Romero went on the record many times with his negative view of the fast-zombie concept that became so popular in the Noughties thanks to Boyle’s and Snyder’s films, but it ensures that this remake is distinct from its nominal model, transforming the slow-burn tensions of the original into unrelentingly ferocious action. The zombie scenes in this film come with an intensity that would not be matched till Jaume Balagueró and Paco Plaza’s [•REC], whose found footage take on zombies is in fact anticipated via the shakily diegetic camerawork of Snyder’s coda – a coda whose subjectivised presentation would also influence Romero’s own Diary of the Dead (2007).
There is a sequence here where all the survivors gather for a formal set dinner together and, for the first time, we get a glimpse of them sharing food, stories and laughter, easing into their old humanity. This is brought to a sudden halt by the lights going out, and then Snyder cuts between a deadly mission to restore the building’s power and scenes of Andre at the grotesque birth of his child, infected in utero by the bitten Luda. With the harrowing horror of these parallel events still burnt into viewers’ retinas, Snyder returns to a calm still-life shot of that dinner table, now abandoned, to underline the fragile grip on civilisation that has here been lost. It is an encapsulation of a broader strategy in the film to keep dangling the hope for escape and a return to normality before the characters and audience, only to take that hope away time and time again.
This is a narrative of dripping despair, where good and bad people alike engage in actions that prove futile in the face of the growling, snapping death moving in from all around – and any moments that show the characters relaxing or even having fun are doomed to be short-lived, as the catastrophe plays itself out to the bitter end. For the zombie plague that has rapidly turned most of the American populace into a baying mass of the undead may reveal in extremis the true character of those still living, and may even allow some of them brief flashes of nobility, heroism and redemption (or selfishness, cowardice and narcissism), but for the most part this apocalypse of infection intensifies everything by bringing mortality that much closer, so that even Andre’s paternal aspirations will be perverted by rotten circumstance. Andre’s baby drives the point home: here there is no future.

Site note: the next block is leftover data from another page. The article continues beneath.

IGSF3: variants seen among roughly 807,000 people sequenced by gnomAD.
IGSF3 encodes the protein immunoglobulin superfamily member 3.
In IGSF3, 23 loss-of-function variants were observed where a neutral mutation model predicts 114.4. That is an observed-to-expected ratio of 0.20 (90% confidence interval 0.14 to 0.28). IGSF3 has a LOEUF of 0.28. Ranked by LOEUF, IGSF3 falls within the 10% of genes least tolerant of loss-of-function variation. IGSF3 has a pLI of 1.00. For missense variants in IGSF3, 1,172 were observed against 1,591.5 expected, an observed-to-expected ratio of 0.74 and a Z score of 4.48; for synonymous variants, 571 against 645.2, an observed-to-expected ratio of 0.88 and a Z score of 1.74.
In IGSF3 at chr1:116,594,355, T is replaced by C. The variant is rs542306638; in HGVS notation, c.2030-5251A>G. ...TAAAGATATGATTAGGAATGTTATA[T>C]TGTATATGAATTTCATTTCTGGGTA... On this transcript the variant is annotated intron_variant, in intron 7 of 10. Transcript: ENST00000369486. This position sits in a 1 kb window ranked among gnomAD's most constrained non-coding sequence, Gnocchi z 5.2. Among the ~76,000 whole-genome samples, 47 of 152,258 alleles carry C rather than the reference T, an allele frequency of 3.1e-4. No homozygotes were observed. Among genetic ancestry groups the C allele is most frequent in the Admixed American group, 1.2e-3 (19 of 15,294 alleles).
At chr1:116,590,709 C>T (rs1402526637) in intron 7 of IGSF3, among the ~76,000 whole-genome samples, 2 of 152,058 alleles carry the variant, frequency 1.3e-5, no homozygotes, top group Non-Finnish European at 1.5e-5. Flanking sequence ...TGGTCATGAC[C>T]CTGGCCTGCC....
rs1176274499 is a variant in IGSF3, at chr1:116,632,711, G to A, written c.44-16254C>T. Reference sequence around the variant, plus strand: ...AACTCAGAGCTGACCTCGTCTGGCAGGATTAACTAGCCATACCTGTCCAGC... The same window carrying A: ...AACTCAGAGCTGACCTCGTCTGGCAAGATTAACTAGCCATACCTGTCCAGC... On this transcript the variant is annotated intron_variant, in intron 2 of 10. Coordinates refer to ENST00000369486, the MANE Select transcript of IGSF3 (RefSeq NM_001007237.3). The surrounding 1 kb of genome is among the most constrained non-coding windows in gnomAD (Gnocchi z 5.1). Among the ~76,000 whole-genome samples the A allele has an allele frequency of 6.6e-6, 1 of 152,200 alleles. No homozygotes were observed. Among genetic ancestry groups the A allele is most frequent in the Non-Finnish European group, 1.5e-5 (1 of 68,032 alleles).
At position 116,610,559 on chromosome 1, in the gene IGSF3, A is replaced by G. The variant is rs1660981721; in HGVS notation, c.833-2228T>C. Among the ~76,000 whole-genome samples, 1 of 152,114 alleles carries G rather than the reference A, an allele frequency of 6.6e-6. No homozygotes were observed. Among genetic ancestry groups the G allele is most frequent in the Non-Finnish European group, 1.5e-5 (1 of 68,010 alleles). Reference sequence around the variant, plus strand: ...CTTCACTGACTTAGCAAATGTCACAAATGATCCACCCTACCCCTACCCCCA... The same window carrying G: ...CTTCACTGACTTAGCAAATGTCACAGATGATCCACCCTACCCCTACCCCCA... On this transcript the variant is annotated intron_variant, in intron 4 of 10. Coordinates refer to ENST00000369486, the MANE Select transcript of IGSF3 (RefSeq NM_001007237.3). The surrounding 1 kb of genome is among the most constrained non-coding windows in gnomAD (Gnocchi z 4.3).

Snyder’s remake would be criticised for missing, in all its visceral thrills, the anti-consumerist subtext of Romero’s original – but the truth is that it comes with a different subtext, entirely tied to its own times. Its jarring, juddery opening credits show a macabre montage of writhing infected, chaotic urban scenes and confused news reports, and ends with the arrival of zombies at and in the White House, all to suggest an accelerated breakdown of American society – but the sequence begins incongruously with black-and-white footage of Muslims praying. It is a mirror to what was really triggering the insecurities of a beleaguered America in that post-9/11 context. The destructive rage of these brainwashed hordes, and the indiscriminately homicidal aggression that they bring without compunction against anyone who happens still to be breathing, reflect the anxieties of a once-confident nation engaged in an ill-defined “War on Terror” – a war that has everyone fearing everyone. Even if Gunn’s screenplay retains the line from the original asking “Why do they come here?” of the undead amassing in the forecourt, this mall is less an arena of rampant capitalism than a last desperate bastion of a country under siege both from without and within, no longer able to find a space where it feels truly safe. It is also a place of wrenchingly nightmarish horror – although the name of one of its stores, Metropolis, looks forward to another location where, in his later DC Comics films, Snyder would stage yet more existential threats to humanity.